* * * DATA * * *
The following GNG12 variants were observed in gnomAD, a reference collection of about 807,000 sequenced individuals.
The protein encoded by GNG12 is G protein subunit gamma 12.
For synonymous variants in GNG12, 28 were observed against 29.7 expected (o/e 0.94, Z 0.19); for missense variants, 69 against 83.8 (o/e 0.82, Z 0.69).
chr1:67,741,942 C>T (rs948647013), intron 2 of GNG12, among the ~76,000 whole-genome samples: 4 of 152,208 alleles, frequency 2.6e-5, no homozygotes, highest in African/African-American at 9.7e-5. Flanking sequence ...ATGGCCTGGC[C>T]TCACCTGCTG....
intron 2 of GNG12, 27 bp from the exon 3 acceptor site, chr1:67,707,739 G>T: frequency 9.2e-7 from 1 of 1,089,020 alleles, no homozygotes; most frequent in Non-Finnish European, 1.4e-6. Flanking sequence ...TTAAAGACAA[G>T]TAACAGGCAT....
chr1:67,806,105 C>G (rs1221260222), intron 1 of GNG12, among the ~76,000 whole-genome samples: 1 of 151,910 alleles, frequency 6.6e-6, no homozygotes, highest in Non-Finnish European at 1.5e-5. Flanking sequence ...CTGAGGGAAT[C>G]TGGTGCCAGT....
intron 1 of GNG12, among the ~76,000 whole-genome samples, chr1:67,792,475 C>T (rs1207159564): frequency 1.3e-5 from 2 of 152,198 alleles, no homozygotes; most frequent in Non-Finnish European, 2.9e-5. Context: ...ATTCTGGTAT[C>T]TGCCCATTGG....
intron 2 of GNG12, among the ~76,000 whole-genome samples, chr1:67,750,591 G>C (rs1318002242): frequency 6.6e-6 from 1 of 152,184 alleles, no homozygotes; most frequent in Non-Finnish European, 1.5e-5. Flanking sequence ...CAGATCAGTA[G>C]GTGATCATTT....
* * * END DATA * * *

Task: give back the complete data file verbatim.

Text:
The following GNG12 variants were observed in gnomAD, a reference collection of about 807,000 sequenced individuals.
The protein encoded by GNG12 is G protein subunit gamma 12.
For synonymous variants in GNG12, 28 were observed against 29.7 expected (o/e 0.94, Z 0.19); for missense variants, 69 against 83.8 (o/e 0.82, Z 0.69).
chr1:67,741,942 C>T (rs948647013), intron 2 of GNG12, among the ~76,000 whole-genome samples: 4 of 152,208 alleles, frequency 2.6e-5, no homozygotes, highest in African/African-American at 9.7e-5. Flanking sequence ...ATGGCCTGGC[C>T]TCACCTGCTG....
intron 2 of GNG12, 27 bp from the exon 3 acceptor site, chr1:67,707,739 G>T: frequency 9.2e-7 from 1 of 1,089,020 alleles, no homozygotes; most frequent in Non-Finnish European, 1.4e-6. Flanking sequence ...TTAAAGACAA[G>T]TAACAGGCAT....
chr1:67,806,105 C>G (rs1221260222), intron 1 of GNG12, among the ~76,000 whole-genome samples: 1 of 151,910 alleles, frequency 6.6e-6, no homozygotes, highest in Non-Finnish European at 1.5e-5. Flanking sequence ...CTGAGGGAAT[C>G]TGGTGCCAGT....
intron 1 of GNG12, among the ~76,000 whole-genome samples, chr1:67,792,475 C>T (rs1207159564): frequency 1.3e-5 from 2 of 152,198 alleles, no homozygotes; most frequent in Non-Finnish European, 2.9e-5. Context: ...ATTCTGGTAT[C>T]TGCCCATTGG....
intron 2 of GNG12, among the ~76,000 whole-genome samples, chr1:67,750,591 G>C (rs1318002242): frequency 6.6e-6 from 1 of 152,184 alleles, no homozygotes; most frequent in Non-Finnish European, 1.5e-5. Flanking sequence ...CAGATCAGTA[G>C]GTGATCATTT....